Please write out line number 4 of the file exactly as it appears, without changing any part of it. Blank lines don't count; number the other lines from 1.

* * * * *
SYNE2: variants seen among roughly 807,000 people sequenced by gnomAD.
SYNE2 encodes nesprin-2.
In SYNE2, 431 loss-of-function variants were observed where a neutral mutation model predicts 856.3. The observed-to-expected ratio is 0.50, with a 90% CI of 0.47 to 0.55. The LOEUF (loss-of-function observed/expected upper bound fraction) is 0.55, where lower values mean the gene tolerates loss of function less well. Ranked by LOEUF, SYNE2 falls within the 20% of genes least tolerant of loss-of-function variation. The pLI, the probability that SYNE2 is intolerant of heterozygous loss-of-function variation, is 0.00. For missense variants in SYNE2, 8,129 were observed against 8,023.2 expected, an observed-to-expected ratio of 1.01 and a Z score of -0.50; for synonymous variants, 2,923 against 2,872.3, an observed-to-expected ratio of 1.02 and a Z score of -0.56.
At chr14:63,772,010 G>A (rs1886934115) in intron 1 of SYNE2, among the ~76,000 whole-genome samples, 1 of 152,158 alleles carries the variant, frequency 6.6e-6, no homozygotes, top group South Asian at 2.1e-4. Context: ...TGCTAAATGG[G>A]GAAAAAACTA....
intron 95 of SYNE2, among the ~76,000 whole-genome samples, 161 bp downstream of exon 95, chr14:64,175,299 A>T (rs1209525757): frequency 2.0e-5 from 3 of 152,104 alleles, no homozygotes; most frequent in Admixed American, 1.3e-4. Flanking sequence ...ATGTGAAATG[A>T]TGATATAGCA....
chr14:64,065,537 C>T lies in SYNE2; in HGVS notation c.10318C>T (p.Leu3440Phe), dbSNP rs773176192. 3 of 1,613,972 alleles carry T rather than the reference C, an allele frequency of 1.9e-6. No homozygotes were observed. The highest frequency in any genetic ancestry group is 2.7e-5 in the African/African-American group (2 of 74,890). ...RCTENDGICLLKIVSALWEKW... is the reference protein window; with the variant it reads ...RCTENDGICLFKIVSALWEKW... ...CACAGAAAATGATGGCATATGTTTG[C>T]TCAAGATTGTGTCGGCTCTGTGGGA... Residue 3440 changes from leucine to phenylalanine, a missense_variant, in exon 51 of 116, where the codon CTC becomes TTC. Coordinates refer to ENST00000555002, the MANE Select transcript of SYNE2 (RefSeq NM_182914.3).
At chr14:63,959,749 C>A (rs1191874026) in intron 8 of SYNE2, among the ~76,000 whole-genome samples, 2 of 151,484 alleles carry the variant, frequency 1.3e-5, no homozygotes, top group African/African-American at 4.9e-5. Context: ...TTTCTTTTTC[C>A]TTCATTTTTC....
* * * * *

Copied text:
At chr14:63,772,010 G>A (rs1886934115) in intron 1 of SYNE2, among the ~76,000 whole-genome samples, 1 of 152,158 alleles carries the variant, frequency 6.6e-6, no homozygotes, top group South Asian at 2.1e-4. Context: ...TGCTAAATGG[G>A]GAAAAAACTA....